Farm Chemicals

Parental occupational and nonoccupational exposures to pesticides have been associated with childhood cases of neuroblastoma, retinoblastoma, non-Hodgkin's lymphoma, Wilms' tumor, astrocytoma, and primitive neu-roectodermal tumors. Not all studies have shown a positive association between parental exposures in agricultural work and diseases in the offspring. However, larger studies have reported a positive association between parental occupation in agriculture and childhood brain tumors. Children of mothers who were employed as farmers or farm workers or were exposed to fertilizers, pesticides, animal manure, or unprocessed wool were more likely to have childhood brain tumors. In addition, children exposed to pigs, horses, and cats in combination with living on a farm had a threefold risk for childhood brain tumors (14-18).

Congenital anomalies associated with farm chemicals are a hazard for children whose parents live and work in agricultural areas. While most of the research has focused on the causal association between congenital anomalies and agricultural chemicals, one must also note that children with the long-term disabilities associated with these defects may be living in rural areas, giving rise to a special-needs population in remote areas. An increase in limb reduction defects, hypospadias, and epispadias was reported in an area in New Zealand where 2,4,5-T (an herbicide) was sprayed for 4 to 6 months a year. Women who resided in Imperial County, California, a highly agricultural community, were more likely to have infants with limb reduction defects than women who resided in urban areas. Malathion, an organophosphate insecticide and acaricide, has been reported to be associated with an increase in rates of gastrointestinal, limb, and orofacial defects, but these associations were not supported in a later study in which only tracheoesophageal fistulas were reported to be elevated (19-22).

In Colombia, Captan, a fungicide with structural similarities to thalidomide, was reported to be associated with a moderate increased risk of congenital malformations among occupationally exposed mothers. In an ecological study in Colorado, chromosomal defects were significantly elevated in counties with high fungicide and herbicide use, and with intensively irrigated pastureland. Heart defects were elevated in counties with intensive irrigation of pastures and cropland. Some investigators have suggested that the solvents used in the pesticide application mixture play a significant role in the teratogenic activity associated with agricultural activities. Despite substantial evidence indicating birth defects associated with pesticide exposures as an important health problem, there is virtually no published literature assessing disabilities among children on farms (23-25).

Children may have enhanced susceptibility to pesticide exposures because of their size, increased metabolism, and rapid growth. As a result, studies of adult pesticide exposure and associated adverse health effects cannot be extrapolated to children. In a qualitative study among farm-worker mothers and their children, the potential sources of exposure to pesticides were described among those aged 8 to 16 years in Colorado and Texas. The following farm activities increased the chance of exposure of children to pesticides:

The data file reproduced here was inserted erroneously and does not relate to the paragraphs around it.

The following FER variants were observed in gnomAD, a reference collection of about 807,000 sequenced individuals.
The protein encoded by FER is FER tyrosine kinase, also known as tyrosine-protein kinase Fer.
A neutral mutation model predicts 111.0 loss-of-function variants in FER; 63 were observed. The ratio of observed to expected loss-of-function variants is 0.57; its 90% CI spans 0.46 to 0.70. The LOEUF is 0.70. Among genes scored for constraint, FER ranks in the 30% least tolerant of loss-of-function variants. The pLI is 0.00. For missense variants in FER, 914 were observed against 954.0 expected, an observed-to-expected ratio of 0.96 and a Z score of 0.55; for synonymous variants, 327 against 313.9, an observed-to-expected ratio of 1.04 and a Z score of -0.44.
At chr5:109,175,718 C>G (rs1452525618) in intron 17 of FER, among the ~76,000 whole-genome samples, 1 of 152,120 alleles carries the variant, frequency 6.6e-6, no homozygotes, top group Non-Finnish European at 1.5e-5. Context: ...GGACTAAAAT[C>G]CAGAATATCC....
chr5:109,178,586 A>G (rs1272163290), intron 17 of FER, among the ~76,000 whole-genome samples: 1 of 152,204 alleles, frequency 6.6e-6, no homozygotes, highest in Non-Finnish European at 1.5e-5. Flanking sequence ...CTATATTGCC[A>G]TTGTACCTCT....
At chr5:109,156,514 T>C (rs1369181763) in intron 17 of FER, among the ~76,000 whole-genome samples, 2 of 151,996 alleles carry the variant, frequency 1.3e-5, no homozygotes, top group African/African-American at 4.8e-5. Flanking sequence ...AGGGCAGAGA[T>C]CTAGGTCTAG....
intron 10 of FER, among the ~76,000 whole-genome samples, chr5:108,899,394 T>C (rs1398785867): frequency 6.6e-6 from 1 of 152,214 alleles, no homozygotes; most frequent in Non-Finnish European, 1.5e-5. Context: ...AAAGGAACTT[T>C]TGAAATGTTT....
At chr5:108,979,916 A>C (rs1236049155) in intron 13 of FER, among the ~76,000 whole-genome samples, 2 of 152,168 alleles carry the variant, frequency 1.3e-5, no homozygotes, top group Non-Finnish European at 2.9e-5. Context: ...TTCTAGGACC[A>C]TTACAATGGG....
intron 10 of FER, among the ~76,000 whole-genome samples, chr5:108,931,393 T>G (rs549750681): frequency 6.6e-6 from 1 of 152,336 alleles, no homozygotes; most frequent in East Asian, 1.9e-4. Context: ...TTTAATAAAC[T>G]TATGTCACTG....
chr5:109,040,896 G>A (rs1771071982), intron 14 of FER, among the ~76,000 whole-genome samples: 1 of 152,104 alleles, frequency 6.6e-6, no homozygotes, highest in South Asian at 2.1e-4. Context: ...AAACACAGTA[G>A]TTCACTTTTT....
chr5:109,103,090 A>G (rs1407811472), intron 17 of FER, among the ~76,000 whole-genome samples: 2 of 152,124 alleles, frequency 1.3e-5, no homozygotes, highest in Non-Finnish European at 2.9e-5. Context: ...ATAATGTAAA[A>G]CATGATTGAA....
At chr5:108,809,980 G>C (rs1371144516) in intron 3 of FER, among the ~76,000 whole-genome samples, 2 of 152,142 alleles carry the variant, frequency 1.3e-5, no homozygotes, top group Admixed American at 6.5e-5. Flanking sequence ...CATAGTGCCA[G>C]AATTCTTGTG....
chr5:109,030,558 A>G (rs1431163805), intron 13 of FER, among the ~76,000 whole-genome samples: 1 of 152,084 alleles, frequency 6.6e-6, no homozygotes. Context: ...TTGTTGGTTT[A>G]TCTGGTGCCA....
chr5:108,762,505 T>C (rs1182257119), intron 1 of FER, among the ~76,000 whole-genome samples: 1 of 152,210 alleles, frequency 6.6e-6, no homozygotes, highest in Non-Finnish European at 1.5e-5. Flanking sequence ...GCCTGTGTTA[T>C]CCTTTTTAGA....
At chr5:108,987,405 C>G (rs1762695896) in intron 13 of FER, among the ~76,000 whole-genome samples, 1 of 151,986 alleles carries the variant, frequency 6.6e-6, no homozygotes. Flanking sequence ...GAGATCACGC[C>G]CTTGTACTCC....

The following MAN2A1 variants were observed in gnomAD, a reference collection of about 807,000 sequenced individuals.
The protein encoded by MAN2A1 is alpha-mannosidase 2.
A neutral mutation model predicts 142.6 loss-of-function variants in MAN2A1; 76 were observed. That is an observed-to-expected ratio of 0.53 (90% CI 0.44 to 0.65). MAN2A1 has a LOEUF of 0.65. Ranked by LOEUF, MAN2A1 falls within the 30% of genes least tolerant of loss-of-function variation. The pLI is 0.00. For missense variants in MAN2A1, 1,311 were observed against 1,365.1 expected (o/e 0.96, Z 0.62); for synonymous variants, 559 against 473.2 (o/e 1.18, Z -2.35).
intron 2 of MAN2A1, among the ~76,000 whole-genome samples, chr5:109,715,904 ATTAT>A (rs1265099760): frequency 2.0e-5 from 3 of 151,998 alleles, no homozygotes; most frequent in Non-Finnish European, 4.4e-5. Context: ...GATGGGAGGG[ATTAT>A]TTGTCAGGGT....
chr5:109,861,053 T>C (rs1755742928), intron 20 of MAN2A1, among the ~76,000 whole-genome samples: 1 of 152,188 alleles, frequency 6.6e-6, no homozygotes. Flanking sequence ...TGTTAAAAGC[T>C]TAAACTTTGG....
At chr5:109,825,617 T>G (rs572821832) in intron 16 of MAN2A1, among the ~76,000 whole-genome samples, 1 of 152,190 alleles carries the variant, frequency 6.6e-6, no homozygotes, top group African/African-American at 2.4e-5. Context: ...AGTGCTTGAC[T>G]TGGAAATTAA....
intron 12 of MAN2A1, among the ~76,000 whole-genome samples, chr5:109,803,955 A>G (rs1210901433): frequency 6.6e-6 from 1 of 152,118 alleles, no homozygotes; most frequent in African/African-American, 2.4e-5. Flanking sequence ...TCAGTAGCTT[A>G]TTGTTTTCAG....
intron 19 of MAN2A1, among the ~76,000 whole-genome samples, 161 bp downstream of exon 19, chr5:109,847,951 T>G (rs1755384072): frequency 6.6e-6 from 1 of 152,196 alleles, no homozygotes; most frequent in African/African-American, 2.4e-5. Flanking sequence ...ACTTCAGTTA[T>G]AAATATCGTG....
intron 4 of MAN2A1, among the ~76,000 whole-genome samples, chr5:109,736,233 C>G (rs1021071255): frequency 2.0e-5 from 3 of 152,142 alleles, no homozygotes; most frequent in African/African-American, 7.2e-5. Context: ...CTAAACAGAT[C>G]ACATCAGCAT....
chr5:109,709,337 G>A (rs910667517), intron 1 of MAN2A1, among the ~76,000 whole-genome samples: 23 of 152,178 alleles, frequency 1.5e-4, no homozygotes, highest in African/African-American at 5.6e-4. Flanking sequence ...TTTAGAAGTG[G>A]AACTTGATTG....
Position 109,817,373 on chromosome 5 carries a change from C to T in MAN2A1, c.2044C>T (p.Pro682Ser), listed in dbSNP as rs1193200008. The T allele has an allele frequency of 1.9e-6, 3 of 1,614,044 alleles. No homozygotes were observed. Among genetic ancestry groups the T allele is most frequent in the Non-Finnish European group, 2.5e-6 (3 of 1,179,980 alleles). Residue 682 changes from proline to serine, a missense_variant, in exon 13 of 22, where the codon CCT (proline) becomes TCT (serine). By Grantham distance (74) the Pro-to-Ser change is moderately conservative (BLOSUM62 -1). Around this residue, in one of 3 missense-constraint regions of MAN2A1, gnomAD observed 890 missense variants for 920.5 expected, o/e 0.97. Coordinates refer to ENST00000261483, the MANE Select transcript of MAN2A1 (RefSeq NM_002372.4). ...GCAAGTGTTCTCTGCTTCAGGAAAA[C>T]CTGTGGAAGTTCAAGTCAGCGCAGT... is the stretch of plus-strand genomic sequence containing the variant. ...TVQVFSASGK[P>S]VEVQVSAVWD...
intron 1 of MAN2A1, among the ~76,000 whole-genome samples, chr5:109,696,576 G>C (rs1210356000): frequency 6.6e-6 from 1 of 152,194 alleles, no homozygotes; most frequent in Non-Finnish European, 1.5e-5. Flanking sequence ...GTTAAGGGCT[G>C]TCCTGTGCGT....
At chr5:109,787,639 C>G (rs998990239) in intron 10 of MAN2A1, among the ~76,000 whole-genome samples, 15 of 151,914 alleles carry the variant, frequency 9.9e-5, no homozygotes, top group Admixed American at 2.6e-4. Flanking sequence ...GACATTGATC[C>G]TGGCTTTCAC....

1. Playing in farm fields

2. Playing in dirt near fields

3. Swimming in irrigation ditches (a big risk)

4. Being outside when fields were being sprayed with chemicals

5. Eating fruits and vegetables without washing them

6. Eating food while working in a field

7. Picking crops

8. Spraying weeds and insects (Figure 12.1)

9. Driving tractors to cut wheat and corn or to pick up trash (Figure 12.2) 10. Helping to move or feed cattle

Figure 12.1. A young man in China using a backpack sprayer to apply pesticide. Note that he is not wearing gloves, goggles, or a mask. Dermal exposure and inhalation are significant routes of exposure to pesticides. In addition, he is spraying over his head, which allows drift that can cover his body in the pesticide. His long-sleeved shirt and long pants provide some protection. However, cotton can absorb the compounds and keep them next to his skin for long periods of time if he is out spraying for several hours, thereby increasing his exposure. (Photograph by Huiling Xiang.)

Figure 12.1. A young man in China using a backpack sprayer to apply pesticide. Note that he is not wearing gloves, goggles, or a mask. Dermal exposure and inhalation are significant routes of exposure to pesticides. In addition, he is spraying over his head, which allows drift that can cover his body in the pesticide. His long-sleeved shirt and long pants provide some protection. However, cotton can absorb the compounds and keep them next to his skin for long periods of time if he is out spraying for several hours, thereby increasing his exposure. (Photograph by Huiling Xiang.)

Many of these activities clearly also may put the children at risk of an acute illness or injury (26,27).

Due to the intense use of synthetic fertilizers and livestock manure in agriculture, levels of nitrate in water may be elevated. This waterborne chemical hazard for very young children on farms results in a potential for overexposure to nitrates through drinking water. Nitrate contamination in shallow wells may lead to methemoglobinemia in infants. Nitrate is converted to nitrite by commensal bacteria in the gut and absorbed primarily in the small intestine. Levels of nitrate that are safe for adults pose a significant hazard for infants, due to the inability of the infant to process the nitrate and excrete it in the nontoxic form (28-30).

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